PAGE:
Pysanky, the Ukrainian Easter Tradition

Where did coloring eggs originate? Not with eggs dipped with a Paas color kit, which is a treasured US Easter tradition. Historically, the coloring of eggs has been taking place for 6000 years. Early Pagans in the Ukraine believed that eggs were a symbol of nature’s rebirth and they colorfully decorated eggs with symbols as a celebration of winter’s end and spring’s promise of new hope, new life, and prosperity. The eggs, with their decorations, were thought to protect people from misfortune and bring good luck. As Christianity became the primary religion in the region, this type of decorating continued and coincided with celebrations of the Resurrection. Pysanky is the name for this traditional folk art style of egg coloring which is uniquely Ukrainian. Pysanky comes from the verb pysaty, which in Ukrainian means to inscribe and it is exactly how this art is accomplished. Raw eggs are inscribed with geometric patterns using a wax-resist technique similar to batik. Designs are drawn in beeswax with a stylus called a kistka (a nail attached to a tiny funnel), the eggs are then dipped into a colored dye which is repeated over and over again to obtain a rich colorful quality. Pysanky are created towards the end of lent and can be a painstaking process. Depending upon the amount of color and detail, one egg can take between 5 to 14 hours to complete. The secret of this art form has been handed down through many generations.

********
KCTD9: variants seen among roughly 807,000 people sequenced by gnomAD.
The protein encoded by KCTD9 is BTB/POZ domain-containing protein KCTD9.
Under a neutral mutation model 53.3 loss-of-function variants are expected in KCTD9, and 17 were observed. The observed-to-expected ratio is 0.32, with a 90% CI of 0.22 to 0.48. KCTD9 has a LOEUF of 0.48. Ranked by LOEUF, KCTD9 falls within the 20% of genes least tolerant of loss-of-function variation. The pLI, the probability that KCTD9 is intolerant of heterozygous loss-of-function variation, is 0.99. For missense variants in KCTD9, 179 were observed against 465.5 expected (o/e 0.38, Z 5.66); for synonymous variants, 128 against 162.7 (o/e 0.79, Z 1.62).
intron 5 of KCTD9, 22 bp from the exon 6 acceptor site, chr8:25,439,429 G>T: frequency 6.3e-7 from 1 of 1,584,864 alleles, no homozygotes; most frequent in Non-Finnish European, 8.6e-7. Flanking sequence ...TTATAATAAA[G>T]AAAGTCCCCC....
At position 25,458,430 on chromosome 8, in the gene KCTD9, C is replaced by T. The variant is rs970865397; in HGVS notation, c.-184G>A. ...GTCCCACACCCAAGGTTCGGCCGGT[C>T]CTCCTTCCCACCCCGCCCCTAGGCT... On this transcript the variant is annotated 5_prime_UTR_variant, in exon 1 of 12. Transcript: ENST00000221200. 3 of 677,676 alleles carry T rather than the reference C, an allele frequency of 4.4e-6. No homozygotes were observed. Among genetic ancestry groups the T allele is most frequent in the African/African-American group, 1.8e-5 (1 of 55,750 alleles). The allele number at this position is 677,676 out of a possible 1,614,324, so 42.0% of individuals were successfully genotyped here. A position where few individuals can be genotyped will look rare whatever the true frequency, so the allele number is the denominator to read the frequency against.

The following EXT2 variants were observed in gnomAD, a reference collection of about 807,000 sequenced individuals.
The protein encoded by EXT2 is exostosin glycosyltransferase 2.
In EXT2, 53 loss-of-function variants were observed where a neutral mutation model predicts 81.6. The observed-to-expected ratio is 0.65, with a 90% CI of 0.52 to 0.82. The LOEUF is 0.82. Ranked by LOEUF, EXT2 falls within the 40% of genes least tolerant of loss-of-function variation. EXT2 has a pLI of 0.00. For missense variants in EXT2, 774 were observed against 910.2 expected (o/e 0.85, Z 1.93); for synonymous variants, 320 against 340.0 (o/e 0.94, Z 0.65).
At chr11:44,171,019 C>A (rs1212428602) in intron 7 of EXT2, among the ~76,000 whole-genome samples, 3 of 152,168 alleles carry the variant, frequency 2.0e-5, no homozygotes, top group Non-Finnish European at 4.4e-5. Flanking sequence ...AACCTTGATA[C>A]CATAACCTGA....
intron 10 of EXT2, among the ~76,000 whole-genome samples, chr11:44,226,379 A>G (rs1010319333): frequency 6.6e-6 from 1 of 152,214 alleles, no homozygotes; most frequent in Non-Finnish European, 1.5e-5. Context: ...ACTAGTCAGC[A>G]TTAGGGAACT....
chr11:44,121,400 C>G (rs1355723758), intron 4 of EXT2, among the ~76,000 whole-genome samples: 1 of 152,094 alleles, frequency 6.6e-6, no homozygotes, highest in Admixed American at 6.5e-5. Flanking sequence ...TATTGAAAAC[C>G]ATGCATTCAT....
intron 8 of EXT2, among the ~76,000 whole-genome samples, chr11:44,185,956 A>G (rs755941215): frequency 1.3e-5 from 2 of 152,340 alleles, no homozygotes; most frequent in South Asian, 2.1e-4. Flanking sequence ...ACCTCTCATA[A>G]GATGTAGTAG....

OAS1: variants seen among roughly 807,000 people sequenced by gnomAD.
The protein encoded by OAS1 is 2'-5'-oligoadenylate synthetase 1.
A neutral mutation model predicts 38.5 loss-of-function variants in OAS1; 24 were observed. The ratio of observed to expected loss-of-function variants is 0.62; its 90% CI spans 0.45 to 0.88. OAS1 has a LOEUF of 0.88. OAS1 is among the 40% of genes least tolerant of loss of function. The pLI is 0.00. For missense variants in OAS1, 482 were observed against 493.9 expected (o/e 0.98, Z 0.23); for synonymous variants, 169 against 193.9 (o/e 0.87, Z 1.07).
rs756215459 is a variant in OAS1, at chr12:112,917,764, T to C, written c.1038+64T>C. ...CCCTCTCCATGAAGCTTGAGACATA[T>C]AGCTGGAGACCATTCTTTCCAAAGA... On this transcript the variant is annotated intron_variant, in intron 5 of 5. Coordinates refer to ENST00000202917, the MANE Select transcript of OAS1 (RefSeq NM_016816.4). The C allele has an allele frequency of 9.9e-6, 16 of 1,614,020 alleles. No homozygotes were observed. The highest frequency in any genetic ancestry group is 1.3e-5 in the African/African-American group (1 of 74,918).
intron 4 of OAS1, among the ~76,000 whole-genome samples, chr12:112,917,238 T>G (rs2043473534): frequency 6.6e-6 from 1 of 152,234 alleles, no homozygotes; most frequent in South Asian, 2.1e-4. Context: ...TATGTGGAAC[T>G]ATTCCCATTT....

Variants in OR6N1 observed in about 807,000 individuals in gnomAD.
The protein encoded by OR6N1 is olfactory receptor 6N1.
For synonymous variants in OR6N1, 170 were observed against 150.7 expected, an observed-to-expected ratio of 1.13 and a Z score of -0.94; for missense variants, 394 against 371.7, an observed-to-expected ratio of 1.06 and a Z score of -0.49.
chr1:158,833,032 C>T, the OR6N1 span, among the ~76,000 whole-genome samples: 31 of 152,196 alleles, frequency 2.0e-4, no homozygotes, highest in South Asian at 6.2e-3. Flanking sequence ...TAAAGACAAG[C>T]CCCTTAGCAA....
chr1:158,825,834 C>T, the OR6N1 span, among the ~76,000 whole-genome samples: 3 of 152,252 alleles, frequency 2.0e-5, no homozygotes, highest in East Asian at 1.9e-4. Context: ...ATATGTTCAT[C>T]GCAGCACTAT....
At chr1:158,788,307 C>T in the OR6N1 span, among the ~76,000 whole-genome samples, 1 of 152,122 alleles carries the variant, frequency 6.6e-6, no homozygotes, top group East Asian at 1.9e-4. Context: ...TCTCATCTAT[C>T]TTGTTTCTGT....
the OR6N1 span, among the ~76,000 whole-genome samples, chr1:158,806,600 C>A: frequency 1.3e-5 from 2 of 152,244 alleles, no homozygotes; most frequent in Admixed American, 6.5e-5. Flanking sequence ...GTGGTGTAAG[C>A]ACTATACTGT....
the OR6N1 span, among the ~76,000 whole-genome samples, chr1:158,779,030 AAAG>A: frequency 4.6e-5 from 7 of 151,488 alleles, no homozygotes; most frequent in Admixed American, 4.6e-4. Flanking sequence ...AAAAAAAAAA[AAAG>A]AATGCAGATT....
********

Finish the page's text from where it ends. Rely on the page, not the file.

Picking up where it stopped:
It is difficult to write this blog about Ukraine and pysanky without feeling a deep sense of anguish and despair with respect to Russia’s warrantless invasion. Pysanky’s connection to “spring’s promise of new hope, new life, and prosperity” seems untenable at the moment. I am holding hope, along with the world, that the promise of new hope, new life, and prosperity will prevail and the pysanky ritual will ward off the evil spirits.

I stand with Ukraine, as we all do. You can learn the history behind pansky and how to create your own here.

Taylor Design Blog

By Mary Ellen

Finance Director